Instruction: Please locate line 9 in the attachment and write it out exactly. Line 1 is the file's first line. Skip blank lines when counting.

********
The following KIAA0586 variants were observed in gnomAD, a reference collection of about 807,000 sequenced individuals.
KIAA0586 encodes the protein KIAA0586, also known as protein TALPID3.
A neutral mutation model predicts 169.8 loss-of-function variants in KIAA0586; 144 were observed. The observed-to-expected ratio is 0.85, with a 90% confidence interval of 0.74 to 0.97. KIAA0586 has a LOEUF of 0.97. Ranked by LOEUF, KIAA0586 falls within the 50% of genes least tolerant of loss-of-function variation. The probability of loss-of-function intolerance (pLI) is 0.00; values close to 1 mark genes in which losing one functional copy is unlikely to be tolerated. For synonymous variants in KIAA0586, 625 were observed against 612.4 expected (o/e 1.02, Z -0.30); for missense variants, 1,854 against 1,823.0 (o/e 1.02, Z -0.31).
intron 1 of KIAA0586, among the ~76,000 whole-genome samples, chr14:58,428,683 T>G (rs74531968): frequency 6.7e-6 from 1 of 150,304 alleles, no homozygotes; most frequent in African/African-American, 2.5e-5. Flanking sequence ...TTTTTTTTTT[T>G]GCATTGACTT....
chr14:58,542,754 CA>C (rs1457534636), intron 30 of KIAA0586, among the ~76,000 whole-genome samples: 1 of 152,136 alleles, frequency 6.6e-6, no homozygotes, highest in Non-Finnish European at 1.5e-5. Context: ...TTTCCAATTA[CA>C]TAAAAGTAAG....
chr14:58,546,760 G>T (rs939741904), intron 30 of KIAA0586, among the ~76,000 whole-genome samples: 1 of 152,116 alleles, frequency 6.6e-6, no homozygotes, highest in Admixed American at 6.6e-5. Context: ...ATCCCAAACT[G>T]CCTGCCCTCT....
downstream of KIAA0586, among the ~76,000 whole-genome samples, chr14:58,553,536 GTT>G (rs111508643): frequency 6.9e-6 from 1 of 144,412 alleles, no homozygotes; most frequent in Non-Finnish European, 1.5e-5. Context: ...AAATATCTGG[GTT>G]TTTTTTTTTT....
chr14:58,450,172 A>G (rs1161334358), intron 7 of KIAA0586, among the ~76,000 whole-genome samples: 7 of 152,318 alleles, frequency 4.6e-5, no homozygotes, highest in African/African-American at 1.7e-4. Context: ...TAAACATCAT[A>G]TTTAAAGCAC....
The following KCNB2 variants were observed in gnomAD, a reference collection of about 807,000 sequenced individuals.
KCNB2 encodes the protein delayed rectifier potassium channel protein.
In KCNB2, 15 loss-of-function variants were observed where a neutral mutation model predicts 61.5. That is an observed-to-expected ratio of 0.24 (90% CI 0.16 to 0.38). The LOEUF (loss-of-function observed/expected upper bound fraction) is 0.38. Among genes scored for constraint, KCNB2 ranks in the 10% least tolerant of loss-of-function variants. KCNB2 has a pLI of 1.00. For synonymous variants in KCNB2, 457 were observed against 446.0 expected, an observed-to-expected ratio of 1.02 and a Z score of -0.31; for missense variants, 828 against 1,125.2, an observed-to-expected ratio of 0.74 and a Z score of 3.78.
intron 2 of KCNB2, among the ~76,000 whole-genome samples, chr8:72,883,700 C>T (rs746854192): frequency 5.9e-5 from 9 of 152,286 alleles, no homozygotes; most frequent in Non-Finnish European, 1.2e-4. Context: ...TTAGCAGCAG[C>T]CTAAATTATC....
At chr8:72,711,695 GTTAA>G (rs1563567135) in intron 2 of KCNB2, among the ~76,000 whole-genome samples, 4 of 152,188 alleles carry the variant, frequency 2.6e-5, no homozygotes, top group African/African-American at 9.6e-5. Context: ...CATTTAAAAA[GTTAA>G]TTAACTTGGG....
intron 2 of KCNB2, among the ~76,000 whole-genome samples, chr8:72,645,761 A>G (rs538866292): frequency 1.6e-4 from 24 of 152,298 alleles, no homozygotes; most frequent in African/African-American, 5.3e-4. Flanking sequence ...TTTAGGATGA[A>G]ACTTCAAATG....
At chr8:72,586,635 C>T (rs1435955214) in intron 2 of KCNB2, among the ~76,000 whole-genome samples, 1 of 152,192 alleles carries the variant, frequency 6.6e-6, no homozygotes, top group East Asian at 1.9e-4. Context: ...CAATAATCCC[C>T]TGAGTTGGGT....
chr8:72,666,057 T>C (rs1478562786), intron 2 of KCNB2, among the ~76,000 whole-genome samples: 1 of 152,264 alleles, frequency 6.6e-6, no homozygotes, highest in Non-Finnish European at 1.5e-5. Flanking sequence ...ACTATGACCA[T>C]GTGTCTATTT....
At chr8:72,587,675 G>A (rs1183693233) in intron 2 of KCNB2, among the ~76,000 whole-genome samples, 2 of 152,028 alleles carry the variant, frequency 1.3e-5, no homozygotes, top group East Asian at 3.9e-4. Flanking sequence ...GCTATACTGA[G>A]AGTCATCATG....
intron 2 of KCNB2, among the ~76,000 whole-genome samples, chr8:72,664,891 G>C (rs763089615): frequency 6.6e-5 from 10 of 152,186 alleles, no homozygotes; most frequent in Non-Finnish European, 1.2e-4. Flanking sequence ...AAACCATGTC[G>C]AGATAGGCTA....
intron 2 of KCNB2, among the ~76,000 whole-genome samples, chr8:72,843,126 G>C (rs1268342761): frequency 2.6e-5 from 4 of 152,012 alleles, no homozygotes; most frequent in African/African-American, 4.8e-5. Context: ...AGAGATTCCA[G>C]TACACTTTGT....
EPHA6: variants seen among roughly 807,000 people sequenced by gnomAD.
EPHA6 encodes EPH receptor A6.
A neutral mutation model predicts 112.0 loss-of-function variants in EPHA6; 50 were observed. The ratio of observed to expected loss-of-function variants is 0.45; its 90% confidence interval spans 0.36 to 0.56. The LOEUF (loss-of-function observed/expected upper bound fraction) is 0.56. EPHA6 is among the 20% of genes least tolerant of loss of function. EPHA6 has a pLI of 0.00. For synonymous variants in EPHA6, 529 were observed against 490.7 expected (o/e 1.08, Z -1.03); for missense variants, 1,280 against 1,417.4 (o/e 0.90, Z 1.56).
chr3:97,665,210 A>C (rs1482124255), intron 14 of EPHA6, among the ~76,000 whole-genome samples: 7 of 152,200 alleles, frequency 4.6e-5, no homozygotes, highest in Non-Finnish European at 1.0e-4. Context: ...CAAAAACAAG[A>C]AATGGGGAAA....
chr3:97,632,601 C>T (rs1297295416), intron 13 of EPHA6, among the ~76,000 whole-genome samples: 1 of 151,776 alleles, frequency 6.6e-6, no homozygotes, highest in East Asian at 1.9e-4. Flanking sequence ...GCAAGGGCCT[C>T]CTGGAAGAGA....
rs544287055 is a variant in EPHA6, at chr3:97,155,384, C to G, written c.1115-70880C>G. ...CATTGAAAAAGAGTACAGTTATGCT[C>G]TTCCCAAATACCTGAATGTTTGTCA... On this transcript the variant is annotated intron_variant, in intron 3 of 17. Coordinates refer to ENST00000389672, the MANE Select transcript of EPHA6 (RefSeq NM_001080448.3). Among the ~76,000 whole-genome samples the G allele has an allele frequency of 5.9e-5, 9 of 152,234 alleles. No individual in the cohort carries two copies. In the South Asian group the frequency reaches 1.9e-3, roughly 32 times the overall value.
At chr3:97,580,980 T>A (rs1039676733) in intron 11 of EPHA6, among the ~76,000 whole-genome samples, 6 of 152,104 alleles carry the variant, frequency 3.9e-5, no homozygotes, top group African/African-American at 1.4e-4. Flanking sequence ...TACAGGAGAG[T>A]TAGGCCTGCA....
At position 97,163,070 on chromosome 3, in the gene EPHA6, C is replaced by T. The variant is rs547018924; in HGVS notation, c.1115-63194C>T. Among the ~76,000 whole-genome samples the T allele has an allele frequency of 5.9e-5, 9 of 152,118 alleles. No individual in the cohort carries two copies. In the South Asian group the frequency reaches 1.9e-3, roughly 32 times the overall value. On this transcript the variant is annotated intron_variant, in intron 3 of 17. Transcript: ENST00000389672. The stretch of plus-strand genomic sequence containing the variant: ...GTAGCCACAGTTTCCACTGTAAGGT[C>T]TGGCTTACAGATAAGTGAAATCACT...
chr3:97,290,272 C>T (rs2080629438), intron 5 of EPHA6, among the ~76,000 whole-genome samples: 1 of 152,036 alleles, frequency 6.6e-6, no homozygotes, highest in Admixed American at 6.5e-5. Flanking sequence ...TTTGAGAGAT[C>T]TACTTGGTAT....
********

The following KCNB2 variants were observed in gnomAD, a reference collection of about 807,000 sequenced individuals.